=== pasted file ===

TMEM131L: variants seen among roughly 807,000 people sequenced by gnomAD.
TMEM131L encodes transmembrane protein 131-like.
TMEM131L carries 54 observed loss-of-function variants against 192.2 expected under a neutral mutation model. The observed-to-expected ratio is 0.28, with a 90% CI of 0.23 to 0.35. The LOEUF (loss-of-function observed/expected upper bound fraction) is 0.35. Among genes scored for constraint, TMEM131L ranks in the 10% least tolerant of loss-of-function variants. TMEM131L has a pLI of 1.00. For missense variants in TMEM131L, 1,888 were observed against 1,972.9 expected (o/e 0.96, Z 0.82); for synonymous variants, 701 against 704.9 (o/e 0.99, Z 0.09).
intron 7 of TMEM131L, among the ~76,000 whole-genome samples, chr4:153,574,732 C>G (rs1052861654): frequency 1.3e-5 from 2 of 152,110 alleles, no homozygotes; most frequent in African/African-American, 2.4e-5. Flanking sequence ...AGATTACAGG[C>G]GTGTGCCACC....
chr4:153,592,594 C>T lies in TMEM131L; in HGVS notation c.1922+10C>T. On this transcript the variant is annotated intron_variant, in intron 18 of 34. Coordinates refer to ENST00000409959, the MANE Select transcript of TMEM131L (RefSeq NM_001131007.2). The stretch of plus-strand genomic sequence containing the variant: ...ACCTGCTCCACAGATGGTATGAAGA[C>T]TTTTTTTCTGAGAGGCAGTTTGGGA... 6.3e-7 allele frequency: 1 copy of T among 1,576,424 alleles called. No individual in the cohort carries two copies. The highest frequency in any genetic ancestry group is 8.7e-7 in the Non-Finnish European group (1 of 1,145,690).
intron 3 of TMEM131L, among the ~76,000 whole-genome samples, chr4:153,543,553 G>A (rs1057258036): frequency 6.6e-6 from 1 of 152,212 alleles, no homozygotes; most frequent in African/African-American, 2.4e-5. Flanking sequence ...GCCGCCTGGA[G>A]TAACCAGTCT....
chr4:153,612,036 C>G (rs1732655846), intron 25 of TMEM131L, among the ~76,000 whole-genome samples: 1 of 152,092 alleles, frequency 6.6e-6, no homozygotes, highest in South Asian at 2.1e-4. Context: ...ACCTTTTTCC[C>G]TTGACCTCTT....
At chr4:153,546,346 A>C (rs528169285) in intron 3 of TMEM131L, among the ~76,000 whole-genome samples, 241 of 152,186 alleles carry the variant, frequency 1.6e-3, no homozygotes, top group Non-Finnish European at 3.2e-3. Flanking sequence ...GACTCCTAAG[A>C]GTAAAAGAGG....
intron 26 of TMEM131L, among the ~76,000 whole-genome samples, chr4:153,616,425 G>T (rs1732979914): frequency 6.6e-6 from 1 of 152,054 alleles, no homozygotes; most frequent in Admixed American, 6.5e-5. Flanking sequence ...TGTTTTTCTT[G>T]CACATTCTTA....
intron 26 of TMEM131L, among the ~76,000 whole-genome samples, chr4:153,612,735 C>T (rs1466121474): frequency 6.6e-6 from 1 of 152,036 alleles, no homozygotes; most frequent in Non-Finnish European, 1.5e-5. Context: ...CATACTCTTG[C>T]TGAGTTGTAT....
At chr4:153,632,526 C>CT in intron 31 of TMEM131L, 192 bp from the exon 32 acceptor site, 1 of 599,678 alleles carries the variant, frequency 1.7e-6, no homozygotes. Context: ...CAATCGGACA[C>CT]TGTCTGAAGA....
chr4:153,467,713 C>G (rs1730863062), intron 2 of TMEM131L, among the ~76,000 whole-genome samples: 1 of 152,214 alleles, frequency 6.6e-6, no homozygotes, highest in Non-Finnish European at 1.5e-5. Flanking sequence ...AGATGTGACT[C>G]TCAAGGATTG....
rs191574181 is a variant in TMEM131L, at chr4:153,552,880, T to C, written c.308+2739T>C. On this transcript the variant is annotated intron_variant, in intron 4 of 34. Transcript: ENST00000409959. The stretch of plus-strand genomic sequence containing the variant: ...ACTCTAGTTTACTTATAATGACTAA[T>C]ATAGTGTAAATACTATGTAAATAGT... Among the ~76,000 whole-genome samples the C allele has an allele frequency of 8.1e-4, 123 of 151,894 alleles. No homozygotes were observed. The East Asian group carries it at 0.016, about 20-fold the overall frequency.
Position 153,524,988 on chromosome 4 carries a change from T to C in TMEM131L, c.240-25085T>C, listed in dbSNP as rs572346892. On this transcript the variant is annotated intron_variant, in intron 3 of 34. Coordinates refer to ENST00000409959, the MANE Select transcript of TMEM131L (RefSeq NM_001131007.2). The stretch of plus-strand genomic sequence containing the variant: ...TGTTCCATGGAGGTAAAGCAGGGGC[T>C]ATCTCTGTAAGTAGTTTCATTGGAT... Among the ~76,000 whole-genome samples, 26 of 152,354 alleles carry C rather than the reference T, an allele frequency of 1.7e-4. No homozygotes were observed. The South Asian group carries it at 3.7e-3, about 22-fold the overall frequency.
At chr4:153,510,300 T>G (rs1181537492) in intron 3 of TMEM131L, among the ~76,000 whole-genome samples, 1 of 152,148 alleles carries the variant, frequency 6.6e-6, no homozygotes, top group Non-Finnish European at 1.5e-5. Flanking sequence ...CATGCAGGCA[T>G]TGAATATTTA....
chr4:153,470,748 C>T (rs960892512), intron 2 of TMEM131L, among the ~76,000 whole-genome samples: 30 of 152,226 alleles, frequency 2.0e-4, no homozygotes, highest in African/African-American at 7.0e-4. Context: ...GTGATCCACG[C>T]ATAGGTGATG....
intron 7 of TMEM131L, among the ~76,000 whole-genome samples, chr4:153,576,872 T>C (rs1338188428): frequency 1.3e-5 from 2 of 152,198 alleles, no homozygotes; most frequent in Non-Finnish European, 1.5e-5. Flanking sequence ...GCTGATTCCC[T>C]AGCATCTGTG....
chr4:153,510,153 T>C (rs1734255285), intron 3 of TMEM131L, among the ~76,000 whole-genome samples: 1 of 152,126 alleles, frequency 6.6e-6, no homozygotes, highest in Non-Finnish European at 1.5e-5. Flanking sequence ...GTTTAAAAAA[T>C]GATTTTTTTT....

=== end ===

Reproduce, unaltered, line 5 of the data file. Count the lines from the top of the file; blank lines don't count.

chr4:153,592,594 C>T lies in TMEM131L; in HGVS notation c.1922+10C>T. On this transcript the variant is annotated intron_variant, in intron 18 of 34. Coordinates refer to ENST00000409959, the MANE Select transcript of TMEM131L (RefSeq NM_001131007.2). The stretch of plus-strand genomic sequence containing the variant: ...ACCTGCTCCACAGATGGTATGAAGA[C>T]TTTTTTTCTGAGAGGCAGTTTGGGA... 6.3e-7 allele frequency: 1 copy of T among 1,576,424 alleles called. No individual in the cohort carries two copies. The highest frequency in any genetic ancestry group is 8.7e-7 in the Non-Finnish European group (1 of 1,145,690).